S Corporation Compliance

By Larissa Bodniowycz, J.D.

S Corporation Compliance

By Larissa Bodniowycz, J.D.

Ensuring your S corporation's compliance with state and federal laws is an ongoing process. It begins with properly electing S corporation, or S corp., status and continues throughout the corporation's life. Understanding the fundamentals will help you identify areas where your S corp. might need to take action to become compliant with applicable laws.

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Qualifying as an S Corp.

S corp. status is a special tax status that allows corporations to pass profits through to shareholders, who pay taxes on them individually, instead of paying taxes both as a corporation and again as individual shareholders. Not all corporations meet the qualifications of S corporations. The U.S. tax code sets out detailed requirements for when a business can elect S corp. status. Under these requirements, the corporation must:

  • Be owned solely by individuals and specified trusts and nonprofit organizations
  • Be owned exclusively by U.S. citizens and residents
  • Have 100 or fewer shareholders
  • Not have multiple classes of shares
  • Allocate profits and losses according to each shareholder's percentage interest in the corporation
  • Obtain the consent of all the shareholders to the S corp. election

Electing S Corp. Status

A common mistake corporations make is assuming that because they meet the S corp. requirements and want to be an S corporation, they are an S corp. This is not the case. Just meeting the S corp. qualifications does not automatically make a corporation an S corp. To become an S corporation, the corporation must affirmatively opt-in to S corp. status by filing Election by a Small Business Corporation (Form 2553) with the Internal Revenue Service (IRS).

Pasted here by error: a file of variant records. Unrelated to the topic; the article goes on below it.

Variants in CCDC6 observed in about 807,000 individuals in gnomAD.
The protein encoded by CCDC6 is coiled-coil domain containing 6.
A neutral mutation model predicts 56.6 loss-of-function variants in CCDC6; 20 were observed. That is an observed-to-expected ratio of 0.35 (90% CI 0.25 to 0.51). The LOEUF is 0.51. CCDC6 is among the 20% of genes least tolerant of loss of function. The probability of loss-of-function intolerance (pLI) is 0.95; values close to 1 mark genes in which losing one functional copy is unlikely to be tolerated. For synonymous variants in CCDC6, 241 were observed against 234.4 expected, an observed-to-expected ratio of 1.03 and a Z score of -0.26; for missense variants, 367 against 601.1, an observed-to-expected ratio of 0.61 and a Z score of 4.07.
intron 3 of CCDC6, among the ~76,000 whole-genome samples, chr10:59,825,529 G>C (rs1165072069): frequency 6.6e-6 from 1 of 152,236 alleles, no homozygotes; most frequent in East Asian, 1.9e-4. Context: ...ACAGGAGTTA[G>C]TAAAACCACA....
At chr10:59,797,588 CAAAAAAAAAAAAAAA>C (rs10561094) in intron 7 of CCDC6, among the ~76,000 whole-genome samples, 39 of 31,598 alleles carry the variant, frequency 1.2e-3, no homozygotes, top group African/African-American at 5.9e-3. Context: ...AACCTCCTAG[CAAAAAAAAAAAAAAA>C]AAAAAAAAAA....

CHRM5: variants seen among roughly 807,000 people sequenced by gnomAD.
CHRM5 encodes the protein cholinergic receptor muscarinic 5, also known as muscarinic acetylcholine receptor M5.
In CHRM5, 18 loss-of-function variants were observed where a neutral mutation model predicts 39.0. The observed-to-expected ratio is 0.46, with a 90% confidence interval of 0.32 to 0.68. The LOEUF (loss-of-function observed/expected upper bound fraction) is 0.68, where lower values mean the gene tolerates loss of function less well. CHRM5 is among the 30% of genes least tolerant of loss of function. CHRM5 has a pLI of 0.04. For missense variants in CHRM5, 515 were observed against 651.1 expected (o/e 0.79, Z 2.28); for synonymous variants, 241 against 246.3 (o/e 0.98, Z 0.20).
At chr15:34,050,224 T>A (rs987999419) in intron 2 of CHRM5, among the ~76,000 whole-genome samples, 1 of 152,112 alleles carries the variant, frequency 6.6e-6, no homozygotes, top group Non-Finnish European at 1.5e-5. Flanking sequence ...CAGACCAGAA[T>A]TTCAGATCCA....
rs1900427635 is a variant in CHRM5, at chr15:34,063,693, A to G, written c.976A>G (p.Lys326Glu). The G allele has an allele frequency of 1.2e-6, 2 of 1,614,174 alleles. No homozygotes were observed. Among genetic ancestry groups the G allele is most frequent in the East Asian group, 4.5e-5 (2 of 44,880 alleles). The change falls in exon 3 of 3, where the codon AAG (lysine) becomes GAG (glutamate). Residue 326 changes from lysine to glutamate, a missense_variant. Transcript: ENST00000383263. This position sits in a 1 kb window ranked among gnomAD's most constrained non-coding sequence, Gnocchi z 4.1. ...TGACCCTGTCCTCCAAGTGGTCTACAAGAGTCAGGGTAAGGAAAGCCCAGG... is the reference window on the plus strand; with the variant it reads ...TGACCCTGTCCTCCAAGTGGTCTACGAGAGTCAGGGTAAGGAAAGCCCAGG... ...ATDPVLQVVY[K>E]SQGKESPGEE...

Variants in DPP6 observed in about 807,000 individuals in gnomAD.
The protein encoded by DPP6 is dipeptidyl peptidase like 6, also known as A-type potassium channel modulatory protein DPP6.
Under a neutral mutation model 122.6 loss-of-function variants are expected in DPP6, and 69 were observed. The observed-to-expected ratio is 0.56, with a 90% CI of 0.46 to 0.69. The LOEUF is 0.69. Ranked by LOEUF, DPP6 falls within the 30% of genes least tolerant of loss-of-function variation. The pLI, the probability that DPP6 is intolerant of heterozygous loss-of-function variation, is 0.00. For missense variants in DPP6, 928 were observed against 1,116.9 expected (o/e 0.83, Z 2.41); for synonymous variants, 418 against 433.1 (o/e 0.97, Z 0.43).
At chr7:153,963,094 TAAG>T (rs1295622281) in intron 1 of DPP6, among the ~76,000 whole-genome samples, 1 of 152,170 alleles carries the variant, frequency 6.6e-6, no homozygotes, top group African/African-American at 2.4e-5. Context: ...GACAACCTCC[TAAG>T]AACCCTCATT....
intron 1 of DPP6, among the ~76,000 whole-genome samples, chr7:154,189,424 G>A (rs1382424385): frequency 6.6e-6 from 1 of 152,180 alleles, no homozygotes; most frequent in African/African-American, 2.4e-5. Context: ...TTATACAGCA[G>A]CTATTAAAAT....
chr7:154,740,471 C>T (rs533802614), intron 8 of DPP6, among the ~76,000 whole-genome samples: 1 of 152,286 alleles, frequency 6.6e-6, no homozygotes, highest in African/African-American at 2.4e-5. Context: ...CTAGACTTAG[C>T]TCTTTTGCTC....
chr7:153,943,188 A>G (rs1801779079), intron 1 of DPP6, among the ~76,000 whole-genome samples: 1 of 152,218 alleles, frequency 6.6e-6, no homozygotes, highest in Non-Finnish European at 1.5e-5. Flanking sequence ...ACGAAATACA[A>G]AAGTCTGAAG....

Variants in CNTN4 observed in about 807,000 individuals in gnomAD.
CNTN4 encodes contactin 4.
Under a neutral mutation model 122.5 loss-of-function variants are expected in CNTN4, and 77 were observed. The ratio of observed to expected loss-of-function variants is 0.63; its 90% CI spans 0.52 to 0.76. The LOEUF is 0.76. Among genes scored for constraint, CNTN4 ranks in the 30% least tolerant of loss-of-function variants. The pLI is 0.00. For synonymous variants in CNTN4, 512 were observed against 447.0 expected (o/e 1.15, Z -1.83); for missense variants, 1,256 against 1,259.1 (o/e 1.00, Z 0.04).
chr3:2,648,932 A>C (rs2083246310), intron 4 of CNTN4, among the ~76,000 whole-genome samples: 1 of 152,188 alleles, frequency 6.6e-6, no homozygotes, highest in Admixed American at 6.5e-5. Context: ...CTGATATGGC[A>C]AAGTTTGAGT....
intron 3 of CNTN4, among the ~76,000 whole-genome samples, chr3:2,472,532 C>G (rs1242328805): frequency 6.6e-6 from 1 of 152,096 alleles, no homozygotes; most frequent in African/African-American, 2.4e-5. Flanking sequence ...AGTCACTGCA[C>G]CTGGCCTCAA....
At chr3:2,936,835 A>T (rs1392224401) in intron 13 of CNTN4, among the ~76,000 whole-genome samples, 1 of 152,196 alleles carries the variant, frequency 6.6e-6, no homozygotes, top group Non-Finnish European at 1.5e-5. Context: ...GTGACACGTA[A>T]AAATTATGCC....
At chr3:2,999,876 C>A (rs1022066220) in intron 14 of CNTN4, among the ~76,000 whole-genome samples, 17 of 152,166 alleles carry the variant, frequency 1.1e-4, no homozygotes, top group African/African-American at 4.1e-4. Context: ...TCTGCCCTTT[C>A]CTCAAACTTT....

Complying with Tax Laws

Once a corporation properly elects S corp. status, it must comply with federal and state laws governing corporations. All corporations must file annual reports and pay any taxes due, both with the IRS and with each state where it does business. Other tax obligations vary depending on the S corporation's structure. For example, an S corp. with employees must withhold certain taxes like federal income tax and Social Security tax and report its withholdings on a quarterly basis.

Complying with State Corporate Code

In addition to tax-related obligations, all S corporations must also abide by the laws governing corporations in the state where the S corp. was formed. S corporations are still corporations and subject to these laws just as every other corporation is. Every state handles things a little differently, but in most cases, S corporations must do at least the following:

  • File articles of incorporation with the state agency that regulates businesses to form a corporation and pay the associated filing fees.
  • Complete an annual report providing the state with an update on corporate information and pay the associated filing fees.
  • Hold annual shareholder and board of director meetings and keep a written record of the outcome.

Maintaining S Corp. Records

It is important for S corporations to create and maintain records of their structure, management, finances, and actions. State laws require that certain records be kept, but corporations should strive to exceed the minimal record-keeping requirements.

Having reliable detailed records helps protect a corporation in the event of a lawsuit because those records provide documentation that supports the corporation. For example, if there is a dispute over who owns how many shares of the corporation, a corporation that has well-kept records will easily be able to prove the correct share distribution.

Shareholder and board meeting minutes, profit and loss reports, account statements, a capitalization table, and shareholder and board resolutions are a few of the corporate records that are important to create, save, and maintain.

Considering Unique Components of Corporation

Corporations evaluating their compliance should also consider whether the unique components of their business subject them to additional laws and regulations. A corporation that sells vitamins, for example, is subject to FDA and state laws governing food and drug safety that would not apply to a graphic design company.

This portion of the site is for informational purposes only. The content is not legal advice. The statements and opinions are the expression of author, not LegalZoom, and have not been evaluated by LegalZoom for accuracy, completeness, or changes in the law.